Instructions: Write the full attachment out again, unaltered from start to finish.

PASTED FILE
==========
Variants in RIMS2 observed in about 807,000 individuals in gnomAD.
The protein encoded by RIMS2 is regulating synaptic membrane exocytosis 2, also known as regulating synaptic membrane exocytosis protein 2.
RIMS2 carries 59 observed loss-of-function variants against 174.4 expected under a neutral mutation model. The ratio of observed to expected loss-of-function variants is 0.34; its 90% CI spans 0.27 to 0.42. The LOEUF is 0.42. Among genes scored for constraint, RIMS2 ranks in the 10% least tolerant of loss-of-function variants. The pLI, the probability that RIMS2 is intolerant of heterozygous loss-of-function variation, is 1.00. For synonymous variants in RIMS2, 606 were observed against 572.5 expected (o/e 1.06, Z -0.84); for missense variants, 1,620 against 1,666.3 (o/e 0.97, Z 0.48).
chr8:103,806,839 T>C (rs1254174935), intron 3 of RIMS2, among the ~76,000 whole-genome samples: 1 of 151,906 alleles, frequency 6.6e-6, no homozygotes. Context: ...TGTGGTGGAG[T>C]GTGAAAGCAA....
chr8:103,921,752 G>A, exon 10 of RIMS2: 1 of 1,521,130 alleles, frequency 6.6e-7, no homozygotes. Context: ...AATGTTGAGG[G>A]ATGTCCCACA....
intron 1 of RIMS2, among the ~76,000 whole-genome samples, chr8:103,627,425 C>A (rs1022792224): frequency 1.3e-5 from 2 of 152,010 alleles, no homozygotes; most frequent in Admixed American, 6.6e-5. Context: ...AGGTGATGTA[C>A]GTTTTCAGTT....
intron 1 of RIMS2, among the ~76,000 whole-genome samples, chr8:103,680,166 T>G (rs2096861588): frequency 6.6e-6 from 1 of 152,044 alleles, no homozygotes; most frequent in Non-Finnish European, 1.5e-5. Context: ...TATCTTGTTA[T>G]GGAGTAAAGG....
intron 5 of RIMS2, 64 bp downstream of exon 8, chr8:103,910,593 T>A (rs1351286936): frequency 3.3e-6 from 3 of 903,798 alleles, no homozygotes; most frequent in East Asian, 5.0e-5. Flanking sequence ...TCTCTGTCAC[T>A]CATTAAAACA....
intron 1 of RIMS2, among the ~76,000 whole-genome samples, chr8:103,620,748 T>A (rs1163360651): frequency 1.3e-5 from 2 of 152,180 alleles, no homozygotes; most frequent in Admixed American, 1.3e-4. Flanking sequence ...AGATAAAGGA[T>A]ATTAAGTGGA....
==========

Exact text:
Variants in RIMS2 observed in about 807,000 individuals in gnomAD.
The protein encoded by RIMS2 is regulating synaptic membrane exocytosis 2, also known as regulating synaptic membrane exocytosis protein 2.
RIMS2 carries 59 observed loss-of-function variants against 174.4 expected under a neutral mutation model. The ratio of observed to expected loss-of-function variants is 0.34; its 90% CI spans 0.27 to 0.42. The LOEUF is 0.42. Among genes scored for constraint, RIMS2 ranks in the 10% least tolerant of loss-of-function variants. The pLI, the probability that RIMS2 is intolerant of heterozygous loss-of-function variation, is 1.00. For synonymous variants in RIMS2, 606 were observed against 572.5 expected (o/e 1.06, Z -0.84); for missense variants, 1,620 against 1,666.3 (o/e 0.97, Z 0.48).
chr8:103,806,839 T>C (rs1254174935), intron 3 of RIMS2, among the ~76,000 whole-genome samples: 1 of 151,906 alleles, frequency 6.6e-6, no homozygotes. Context: ...TGTGGTGGAG[T>C]GTGAAAGCAA....
chr8:103,921,752 G>A, exon 10 of RIMS2: 1 of 1,521,130 alleles, frequency 6.6e-7, no homozygotes. Context: ...AATGTTGAGG[G>A]ATGTCCCACA....
intron 1 of RIMS2, among the ~76,000 whole-genome samples, chr8:103,627,425 C>A (rs1022792224): frequency 1.3e-5 from 2 of 152,010 alleles, no homozygotes; most frequent in Admixed American, 6.6e-5. Context: ...AGGTGATGTA[C>A]GTTTTCAGTT....
intron 1 of RIMS2, among the ~76,000 whole-genome samples, chr8:103,680,166 T>G (rs2096861588): frequency 6.6e-6 from 1 of 152,044 alleles, no homozygotes; most frequent in Non-Finnish European, 1.5e-5. Context: ...TATCTTGTTA[T>G]GGAGTAAAGG....
intron 5 of RIMS2, 64 bp downstream of exon 8, chr8:103,910,593 T>A (rs1351286936): frequency 3.3e-6 from 3 of 903,798 alleles, no homozygotes; most frequent in East Asian, 5.0e-5. Flanking sequence ...TCTCTGTCAC[T>A]CATTAAAACA....
intron 1 of RIMS2, among the ~76,000 whole-genome samples, chr8:103,620,748 T>A (rs1163360651): frequency 1.3e-5 from 2 of 152,180 alleles, no homozygotes; most frequent in Admixed American, 1.3e-4. Flanking sequence ...AGATAAAGGA[T>A]ATTAAGTGGA....